Caveat: It Floats

This blog is live, online, on a ferry boat, in the Cook Straight, New Zealand. And there's a cricket match on the television. I'm going from Wellington, at the bottom end of the North Island, to Picton, at the top of the South Island. I'd provide a picture, but bandwidth is limited.

I stayed in Palmerston North, last night. That's an oddly named town – I mean… where's Palmerston South? I can't find one. The town reminds me of Eureka, California. Or Temuco, Chile. A small town but too big to be a small town in its region, maybe. And the city geography is relatively flat and the streets are a dull, treeless grid. Wellington, on the other hand, is a beautiful city. It's one of those cities, like Duluth or Nagasaki, that I knew I would love before ever visiting there. Just that I have a sort of instinct for what places I will like, based on looking at things like maps and encyclopedias.

Caveat: Taumata-whakatangihanga-koauau-o-tamatea-turi-pukakapiki-maunga-horo-nuku-pokai-whenua-kitanatahu

I drove to Taumata-whakatangihanga-koauau-o-tamatea-turi-pukakapiki-maunga-horo-nuku-pokai-whenua-kitanatahu. It was very beautiful. Onomastics aside, New Zealand is a lot like California or western Oregon.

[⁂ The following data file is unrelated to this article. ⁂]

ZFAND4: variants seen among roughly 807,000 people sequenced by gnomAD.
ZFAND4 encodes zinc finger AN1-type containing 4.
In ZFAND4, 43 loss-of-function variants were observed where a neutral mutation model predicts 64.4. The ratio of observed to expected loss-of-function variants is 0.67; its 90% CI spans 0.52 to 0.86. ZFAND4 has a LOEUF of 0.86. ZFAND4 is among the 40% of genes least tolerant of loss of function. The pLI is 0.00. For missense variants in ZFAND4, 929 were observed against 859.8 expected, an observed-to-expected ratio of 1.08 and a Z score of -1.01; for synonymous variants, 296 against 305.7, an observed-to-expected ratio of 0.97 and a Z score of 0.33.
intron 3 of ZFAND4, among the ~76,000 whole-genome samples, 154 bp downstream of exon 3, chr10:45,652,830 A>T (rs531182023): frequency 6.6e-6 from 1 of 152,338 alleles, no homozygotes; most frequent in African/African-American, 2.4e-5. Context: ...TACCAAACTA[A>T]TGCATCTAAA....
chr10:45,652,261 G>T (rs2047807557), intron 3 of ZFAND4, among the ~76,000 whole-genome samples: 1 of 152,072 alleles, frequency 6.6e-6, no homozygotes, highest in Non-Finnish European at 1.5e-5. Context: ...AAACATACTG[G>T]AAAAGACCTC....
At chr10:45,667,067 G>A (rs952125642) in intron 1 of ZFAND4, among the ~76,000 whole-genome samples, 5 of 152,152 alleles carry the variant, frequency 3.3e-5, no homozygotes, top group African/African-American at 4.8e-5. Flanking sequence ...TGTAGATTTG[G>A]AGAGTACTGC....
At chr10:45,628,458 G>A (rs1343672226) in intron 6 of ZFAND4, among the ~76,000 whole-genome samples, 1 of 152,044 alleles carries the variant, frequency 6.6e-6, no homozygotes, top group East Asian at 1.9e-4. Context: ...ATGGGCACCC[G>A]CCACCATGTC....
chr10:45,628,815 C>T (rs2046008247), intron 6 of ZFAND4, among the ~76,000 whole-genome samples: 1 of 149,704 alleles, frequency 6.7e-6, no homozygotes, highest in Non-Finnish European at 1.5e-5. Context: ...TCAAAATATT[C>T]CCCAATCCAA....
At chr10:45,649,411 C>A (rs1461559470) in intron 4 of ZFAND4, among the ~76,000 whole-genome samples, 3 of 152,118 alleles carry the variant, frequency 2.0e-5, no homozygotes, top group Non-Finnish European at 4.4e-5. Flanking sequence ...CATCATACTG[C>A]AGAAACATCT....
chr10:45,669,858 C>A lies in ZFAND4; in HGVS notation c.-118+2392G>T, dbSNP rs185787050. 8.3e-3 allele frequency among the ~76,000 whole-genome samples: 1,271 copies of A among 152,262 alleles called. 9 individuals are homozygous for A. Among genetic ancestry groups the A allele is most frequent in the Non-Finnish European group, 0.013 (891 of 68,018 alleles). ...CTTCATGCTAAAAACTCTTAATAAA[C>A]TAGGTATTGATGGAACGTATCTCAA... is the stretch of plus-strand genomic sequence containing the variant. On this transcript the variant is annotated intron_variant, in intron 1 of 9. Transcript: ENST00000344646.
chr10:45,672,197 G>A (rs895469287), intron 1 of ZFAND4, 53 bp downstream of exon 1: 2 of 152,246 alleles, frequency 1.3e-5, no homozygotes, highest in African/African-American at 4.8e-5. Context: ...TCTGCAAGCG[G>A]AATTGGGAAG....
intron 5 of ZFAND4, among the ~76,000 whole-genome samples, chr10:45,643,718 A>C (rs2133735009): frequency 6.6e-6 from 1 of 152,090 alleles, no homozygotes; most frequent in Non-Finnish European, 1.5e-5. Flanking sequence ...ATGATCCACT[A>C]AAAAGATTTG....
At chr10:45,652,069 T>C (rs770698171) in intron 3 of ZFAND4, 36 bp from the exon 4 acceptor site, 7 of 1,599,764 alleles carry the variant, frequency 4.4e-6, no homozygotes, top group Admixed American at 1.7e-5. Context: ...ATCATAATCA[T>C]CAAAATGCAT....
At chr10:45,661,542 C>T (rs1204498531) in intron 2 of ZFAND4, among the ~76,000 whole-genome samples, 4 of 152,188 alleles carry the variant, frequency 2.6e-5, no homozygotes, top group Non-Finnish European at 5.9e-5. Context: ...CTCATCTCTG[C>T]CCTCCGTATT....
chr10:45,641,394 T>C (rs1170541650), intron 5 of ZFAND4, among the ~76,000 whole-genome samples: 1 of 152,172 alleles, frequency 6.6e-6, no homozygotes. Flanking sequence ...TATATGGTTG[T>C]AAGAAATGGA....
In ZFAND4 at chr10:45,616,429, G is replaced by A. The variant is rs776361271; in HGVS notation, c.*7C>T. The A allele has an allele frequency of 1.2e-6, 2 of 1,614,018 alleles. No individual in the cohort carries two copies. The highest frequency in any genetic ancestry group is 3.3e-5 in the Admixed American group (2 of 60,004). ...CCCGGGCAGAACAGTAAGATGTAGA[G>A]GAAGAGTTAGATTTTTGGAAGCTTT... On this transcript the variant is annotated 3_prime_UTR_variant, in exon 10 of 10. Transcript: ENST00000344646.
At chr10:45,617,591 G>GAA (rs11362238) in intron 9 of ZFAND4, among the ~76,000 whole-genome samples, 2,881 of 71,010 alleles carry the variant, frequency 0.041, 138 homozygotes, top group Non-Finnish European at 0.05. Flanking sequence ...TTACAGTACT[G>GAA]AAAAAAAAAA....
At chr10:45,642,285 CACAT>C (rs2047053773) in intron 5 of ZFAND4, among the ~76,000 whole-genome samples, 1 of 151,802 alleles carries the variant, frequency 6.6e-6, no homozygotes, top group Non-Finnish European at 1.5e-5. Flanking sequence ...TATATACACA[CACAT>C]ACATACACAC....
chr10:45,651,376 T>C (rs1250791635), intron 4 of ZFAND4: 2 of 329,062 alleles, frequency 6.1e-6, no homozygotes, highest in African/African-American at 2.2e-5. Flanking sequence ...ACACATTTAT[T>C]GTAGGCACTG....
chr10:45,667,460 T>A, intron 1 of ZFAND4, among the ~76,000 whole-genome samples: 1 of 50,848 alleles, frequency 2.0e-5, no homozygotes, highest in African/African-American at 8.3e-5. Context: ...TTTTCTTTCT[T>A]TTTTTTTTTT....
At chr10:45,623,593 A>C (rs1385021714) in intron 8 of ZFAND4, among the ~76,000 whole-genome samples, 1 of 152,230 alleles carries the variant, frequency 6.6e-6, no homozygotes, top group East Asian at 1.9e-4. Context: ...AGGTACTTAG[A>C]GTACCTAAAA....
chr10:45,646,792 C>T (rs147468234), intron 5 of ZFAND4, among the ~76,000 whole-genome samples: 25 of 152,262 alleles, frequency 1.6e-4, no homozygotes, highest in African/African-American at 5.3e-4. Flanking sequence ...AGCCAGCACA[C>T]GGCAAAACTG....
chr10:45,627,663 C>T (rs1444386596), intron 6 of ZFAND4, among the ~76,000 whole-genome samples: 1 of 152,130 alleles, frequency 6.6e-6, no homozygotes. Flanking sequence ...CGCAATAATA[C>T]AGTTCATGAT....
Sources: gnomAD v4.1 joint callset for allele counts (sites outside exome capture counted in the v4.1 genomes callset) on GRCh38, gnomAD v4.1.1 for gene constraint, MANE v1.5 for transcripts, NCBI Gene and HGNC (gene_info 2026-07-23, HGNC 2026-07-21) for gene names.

Here are some other pictures. I saw a chicken at dawn (at roadside rest area where I slept a few hours).


I saw some redwood trees (they’re not native to NZ, but they do quite well here – another reason why it reminds me of California).


I saw some lakes.


I saw the Hawkes Bay region, which reminds me of Monterey or San Luis Obisbo Counties, and the town of Hastings, which might as well be a funny-talking Salinas. The hills were golden.


I saw the beach, on the east coast. It was very, very, very, very, very, very windy. I waved across the vast Pacific to Validivia, Chile, where I lived in 1994 – same latitude. I watched the Antarctic clouds glowering.


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Caveat: Highway Service Plaza. McDonalds. 2AM.

I landed in Auckland at 12:20 AM.  I went to get my rental car, but they didn't have my reservation.  Fortunately, there was a guy there to rent me a car, who was very friendly and gave me the rate and car I would have had if my reservation hadn't failed to be entered into their system.  Something about the fact that I tried to do it online from Australia.  Oh well.  It all worked out fine.  And so then, with hardly a plan to my name, I began to drive south on the expressway out of Auckland.

Light drizzle, 2 AM.  I stopped at a service plaza.  There's a McDonalds, open 24 hours.  Now… as some of you may know, I have a certain strange tradition.  I'm very proud of having completely kicked my junk-food habits, years ago, but I still have this tradition of ordering a Big Mac each time I visit a new country.  And although it's 2 AM, this McDonalds has free wifi, too.  So… I ordered a Big Mac.  That's country number… um, around 25, I think.  There's a few countries where I never got a Big Mac:  Cuba, Morocco and Belize spring to mind.  But all the rest, yes.  I'm loyal to that weird tradition.